SharePoint offers many advantages over shared drives and legacy platforms, with its content management capabilities and facilities for collaboration combined with its flexibility, low cost, and ubiquity.
Unfortunately – it is also true that the user is often his or her own worst enemy. Below is an excerpt from the full article on Gimmal.com:
The easy creation and population of countless sites, without regard to how the sites and content relate to each other, presents many avenues by which information can be lost, miscategorized, and misinterpreted. The result is user confusion, frustration, and dissatisfaction … and ultimately, reluctance to use SharePoint.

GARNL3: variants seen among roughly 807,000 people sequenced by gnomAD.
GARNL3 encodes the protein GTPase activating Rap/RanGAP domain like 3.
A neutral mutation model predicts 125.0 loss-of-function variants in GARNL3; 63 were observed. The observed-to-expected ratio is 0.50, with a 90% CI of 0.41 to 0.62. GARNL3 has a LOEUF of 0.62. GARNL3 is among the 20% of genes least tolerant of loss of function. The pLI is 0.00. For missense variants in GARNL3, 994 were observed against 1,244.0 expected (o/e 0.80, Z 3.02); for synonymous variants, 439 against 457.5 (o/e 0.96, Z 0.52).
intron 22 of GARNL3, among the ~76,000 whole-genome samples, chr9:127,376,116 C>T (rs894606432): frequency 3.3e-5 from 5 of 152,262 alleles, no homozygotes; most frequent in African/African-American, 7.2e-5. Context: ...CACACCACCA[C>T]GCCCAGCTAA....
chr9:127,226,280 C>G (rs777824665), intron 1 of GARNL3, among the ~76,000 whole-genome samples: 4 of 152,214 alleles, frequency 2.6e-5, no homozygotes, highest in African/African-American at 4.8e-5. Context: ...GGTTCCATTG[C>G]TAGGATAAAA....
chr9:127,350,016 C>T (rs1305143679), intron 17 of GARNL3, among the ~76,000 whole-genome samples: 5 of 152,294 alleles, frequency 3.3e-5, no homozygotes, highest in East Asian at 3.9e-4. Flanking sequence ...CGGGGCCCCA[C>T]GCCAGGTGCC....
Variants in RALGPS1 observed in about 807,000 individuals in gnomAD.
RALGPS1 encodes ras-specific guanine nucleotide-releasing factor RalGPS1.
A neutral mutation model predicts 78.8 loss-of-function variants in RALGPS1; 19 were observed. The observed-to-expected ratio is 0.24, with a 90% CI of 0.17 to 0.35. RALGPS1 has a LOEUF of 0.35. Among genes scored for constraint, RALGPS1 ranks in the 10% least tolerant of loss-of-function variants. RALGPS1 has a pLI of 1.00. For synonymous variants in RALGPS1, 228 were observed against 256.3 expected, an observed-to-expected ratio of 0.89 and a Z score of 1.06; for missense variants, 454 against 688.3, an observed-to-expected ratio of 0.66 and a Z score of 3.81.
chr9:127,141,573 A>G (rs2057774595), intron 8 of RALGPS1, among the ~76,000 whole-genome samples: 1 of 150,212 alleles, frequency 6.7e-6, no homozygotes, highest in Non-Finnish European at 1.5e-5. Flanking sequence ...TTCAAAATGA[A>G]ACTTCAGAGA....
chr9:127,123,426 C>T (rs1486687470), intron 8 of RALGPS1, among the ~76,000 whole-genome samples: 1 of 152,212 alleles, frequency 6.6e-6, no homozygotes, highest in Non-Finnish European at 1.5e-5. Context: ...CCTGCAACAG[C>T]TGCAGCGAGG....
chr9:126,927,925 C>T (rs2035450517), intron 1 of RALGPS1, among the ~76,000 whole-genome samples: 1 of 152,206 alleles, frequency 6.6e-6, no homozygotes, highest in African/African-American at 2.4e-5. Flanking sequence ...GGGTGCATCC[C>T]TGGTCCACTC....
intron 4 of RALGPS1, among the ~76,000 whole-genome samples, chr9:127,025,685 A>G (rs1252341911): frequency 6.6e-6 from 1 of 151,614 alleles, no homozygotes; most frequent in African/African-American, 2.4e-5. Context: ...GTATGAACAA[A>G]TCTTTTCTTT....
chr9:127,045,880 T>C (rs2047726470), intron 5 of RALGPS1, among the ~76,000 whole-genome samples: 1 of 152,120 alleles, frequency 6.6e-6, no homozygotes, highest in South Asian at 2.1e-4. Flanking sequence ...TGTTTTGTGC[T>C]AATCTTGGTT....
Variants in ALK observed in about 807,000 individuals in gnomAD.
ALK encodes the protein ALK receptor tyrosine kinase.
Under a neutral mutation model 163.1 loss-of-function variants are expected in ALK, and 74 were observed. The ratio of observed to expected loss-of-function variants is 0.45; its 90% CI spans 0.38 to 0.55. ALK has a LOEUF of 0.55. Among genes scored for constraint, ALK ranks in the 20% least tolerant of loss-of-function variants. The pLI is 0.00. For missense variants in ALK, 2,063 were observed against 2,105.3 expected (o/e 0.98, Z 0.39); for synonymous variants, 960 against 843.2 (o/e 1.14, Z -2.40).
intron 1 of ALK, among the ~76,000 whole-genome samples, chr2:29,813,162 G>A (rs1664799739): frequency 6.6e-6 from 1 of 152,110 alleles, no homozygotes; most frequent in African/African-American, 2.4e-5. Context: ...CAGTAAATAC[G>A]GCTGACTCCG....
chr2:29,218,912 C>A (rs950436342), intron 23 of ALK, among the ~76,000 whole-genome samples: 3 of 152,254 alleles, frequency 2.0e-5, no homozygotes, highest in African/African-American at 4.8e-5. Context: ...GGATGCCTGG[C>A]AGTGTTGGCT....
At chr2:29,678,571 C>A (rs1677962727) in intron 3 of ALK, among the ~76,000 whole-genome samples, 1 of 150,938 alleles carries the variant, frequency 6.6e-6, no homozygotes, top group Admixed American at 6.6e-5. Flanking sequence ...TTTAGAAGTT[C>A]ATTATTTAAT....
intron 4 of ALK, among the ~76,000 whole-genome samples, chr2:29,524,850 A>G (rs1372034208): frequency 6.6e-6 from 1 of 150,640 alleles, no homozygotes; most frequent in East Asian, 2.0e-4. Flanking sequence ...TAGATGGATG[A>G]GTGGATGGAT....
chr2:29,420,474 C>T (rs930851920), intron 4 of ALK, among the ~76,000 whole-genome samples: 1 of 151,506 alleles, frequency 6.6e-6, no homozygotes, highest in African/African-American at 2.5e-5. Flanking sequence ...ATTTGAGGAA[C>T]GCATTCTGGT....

CMSWire reporter David Roe focuses on this issue in The Problem with Microsoft SharePoint? People. The article highlights the results of a 2016 AIIM survey (underwritten by Gimmal) of SharePoint professionals, in which 58% of respondents report that user adoption remains an issue. The report concludes, “This is an indication of human deficiency, rather than technological deficiency. It is not the technology that is failing the organization in as much as it is the organization failing the technology.”
How can your organization maintain the positive aspects of empowering users in SharePoint while avoiding the associated pitfalls that can lead to lack of user adoption? As a start, administrators can implement these three measures: